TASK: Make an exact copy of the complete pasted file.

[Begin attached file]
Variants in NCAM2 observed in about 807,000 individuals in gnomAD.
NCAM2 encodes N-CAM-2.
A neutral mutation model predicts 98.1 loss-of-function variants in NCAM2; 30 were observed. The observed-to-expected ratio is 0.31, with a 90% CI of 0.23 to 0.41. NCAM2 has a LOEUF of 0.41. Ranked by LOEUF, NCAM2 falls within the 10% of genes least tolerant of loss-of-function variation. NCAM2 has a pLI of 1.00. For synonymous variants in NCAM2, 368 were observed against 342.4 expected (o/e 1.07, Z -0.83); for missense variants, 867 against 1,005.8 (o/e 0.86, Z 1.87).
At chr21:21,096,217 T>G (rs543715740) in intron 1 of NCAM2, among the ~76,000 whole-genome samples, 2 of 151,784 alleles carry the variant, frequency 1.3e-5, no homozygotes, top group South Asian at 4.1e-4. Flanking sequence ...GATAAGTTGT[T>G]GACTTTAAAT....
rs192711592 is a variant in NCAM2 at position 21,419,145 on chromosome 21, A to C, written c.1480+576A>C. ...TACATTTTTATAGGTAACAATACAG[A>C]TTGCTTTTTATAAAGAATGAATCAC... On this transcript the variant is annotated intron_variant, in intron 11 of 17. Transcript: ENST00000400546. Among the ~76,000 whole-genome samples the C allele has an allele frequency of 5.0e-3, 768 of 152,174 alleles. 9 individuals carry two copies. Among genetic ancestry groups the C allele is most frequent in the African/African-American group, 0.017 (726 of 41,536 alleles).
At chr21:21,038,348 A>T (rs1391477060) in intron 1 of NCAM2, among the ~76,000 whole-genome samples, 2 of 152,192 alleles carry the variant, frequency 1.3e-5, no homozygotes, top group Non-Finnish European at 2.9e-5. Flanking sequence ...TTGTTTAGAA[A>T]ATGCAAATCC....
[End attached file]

Variants in NCAM2 observed in about 807,000 individuals in gnomAD.
NCAM2 encodes N-CAM-2.
A neutral mutation model predicts 98.1 loss-of-function variants in NCAM2; 30 were observed. The observed-to-expected ratio is 0.31, with a 90% CI of 0.23 to 0.41. NCAM2 has a LOEUF of 0.41. Ranked by LOEUF, NCAM2 falls within the 10% of genes least tolerant of loss-of-function variation. NCAM2 has a pLI of 1.00. For synonymous variants in NCAM2, 368 were observed against 342.4 expected (o/e 1.07, Z -0.83); for missense variants, 867 against 1,005.8 (o/e 0.86, Z 1.87).
At chr21:21,096,217 T>G (rs543715740) in intron 1 of NCAM2, among the ~76,000 whole-genome samples, 2 of 151,784 alleles carry the variant, frequency 1.3e-5, no homozygotes, top group South Asian at 4.1e-4. Flanking sequence ...GATAAGTTGT[T>G]GACTTTAAAT....
rs192711592 is a variant in NCAM2 at position 21,419,145 on chromosome 21, A to C, written c.1480+576A>C. ...TACATTTTTATAGGTAACAATACAG[A>C]TTGCTTTTTATAAAGAATGAATCAC... On this transcript the variant is annotated intron_variant, in intron 11 of 17. Transcript: ENST00000400546. Among the ~76,000 whole-genome samples the C allele has an allele frequency of 5.0e-3, 768 of 152,174 alleles. 9 individuals carry two copies. Among genetic ancestry groups the C allele is most frequent in the African/African-American group, 0.017 (726 of 41,536 alleles).
At chr21:21,038,348 A>T (rs1391477060) in intron 1 of NCAM2, among the ~76,000 whole-genome samples, 2 of 152,192 alleles carry the variant, frequency 1.3e-5, no homozygotes, top group Non-Finnish European at 2.9e-5. Flanking sequence ...TTGTTTAGAA[A>T]ATGCAAATCC....